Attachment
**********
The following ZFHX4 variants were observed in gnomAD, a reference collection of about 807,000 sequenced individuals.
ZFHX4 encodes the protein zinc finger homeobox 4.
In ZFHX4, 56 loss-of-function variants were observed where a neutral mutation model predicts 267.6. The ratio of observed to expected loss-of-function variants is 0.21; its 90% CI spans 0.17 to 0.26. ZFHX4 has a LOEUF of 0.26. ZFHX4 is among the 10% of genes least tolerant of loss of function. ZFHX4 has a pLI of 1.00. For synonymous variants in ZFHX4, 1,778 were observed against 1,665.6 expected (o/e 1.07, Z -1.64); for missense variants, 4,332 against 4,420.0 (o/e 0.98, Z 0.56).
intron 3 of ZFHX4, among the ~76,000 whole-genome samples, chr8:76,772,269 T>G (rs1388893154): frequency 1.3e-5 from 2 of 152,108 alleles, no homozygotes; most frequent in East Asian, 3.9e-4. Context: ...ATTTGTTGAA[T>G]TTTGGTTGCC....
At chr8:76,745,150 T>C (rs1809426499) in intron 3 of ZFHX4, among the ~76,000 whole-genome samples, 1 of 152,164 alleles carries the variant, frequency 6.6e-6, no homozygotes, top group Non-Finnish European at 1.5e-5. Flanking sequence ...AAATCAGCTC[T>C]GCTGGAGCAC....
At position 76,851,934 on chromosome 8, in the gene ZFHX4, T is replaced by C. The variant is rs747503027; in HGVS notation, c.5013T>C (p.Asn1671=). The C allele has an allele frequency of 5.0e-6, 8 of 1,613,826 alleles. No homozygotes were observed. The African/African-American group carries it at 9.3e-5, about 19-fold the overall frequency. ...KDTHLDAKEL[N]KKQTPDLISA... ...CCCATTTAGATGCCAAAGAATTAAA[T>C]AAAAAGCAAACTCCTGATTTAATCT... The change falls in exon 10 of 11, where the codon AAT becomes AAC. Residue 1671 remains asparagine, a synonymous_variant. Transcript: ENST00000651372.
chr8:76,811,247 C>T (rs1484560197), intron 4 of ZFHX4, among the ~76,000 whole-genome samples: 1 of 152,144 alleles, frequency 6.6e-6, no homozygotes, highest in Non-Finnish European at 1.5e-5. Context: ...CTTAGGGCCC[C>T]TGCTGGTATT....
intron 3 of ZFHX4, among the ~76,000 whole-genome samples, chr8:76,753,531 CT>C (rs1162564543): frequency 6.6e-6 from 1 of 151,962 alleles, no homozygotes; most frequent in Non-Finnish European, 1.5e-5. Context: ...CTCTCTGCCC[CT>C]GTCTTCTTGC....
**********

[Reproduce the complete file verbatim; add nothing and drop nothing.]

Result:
The following ZFHX4 variants were observed in gnomAD, a reference collection of about 807,000 sequenced individuals.
ZFHX4 encodes the protein zinc finger homeobox 4.
In ZFHX4, 56 loss-of-function variants were observed where a neutral mutation model predicts 267.6. The ratio of observed to expected loss-of-function variants is 0.21; its 90% CI spans 0.17 to 0.26. ZFHX4 has a LOEUF of 0.26. ZFHX4 is among the 10% of genes least tolerant of loss of function. ZFHX4 has a pLI of 1.00. For synonymous variants in ZFHX4, 1,778 were observed against 1,665.6 expected (o/e 1.07, Z -1.64); for missense variants, 4,332 against 4,420.0 (o/e 0.98, Z 0.56).
intron 3 of ZFHX4, among the ~76,000 whole-genome samples, chr8:76,772,269 T>G (rs1388893154): frequency 1.3e-5 from 2 of 152,108 alleles, no homozygotes; most frequent in East Asian, 3.9e-4. Context: ...ATTTGTTGAA[T>G]TTTGGTTGCC....
At chr8:76,745,150 T>C (rs1809426499) in intron 3 of ZFHX4, among the ~76,000 whole-genome samples, 1 of 152,164 alleles carries the variant, frequency 6.6e-6, no homozygotes, top group Non-Finnish European at 1.5e-5. Flanking sequence ...AAATCAGCTC[T>C]GCTGGAGCAC....
At position 76,851,934 on chromosome 8, in the gene ZFHX4, T is replaced by C. The variant is rs747503027; in HGVS notation, c.5013T>C (p.Asn1671=). The C allele has an allele frequency of 5.0e-6, 8 of 1,613,826 alleles. No homozygotes were observed. The African/African-American group carries it at 9.3e-5, about 19-fold the overall frequency. ...KDTHLDAKEL[N]KKQTPDLISA... ...CCCATTTAGATGCCAAAGAATTAAA[T>C]AAAAAGCAAACTCCTGATTTAATCT... The change falls in exon 10 of 11, where the codon AAT becomes AAC. Residue 1671 remains asparagine, a synonymous_variant. Transcript: ENST00000651372.
chr8:76,811,247 C>T (rs1484560197), intron 4 of ZFHX4, among the ~76,000 whole-genome samples: 1 of 152,144 alleles, frequency 6.6e-6, no homozygotes, highest in Non-Finnish European at 1.5e-5. Context: ...CTTAGGGCCC[C>T]TGCTGGTATT....
intron 3 of ZFHX4, among the ~76,000 whole-genome samples, chr8:76,753,531 CT>C (rs1162564543): frequency 6.6e-6 from 1 of 151,962 alleles, no homozygotes; most frequent in Non-Finnish European, 1.5e-5. Context: ...CTCTCTGCCC[CT>C]GTCTTCTTGC....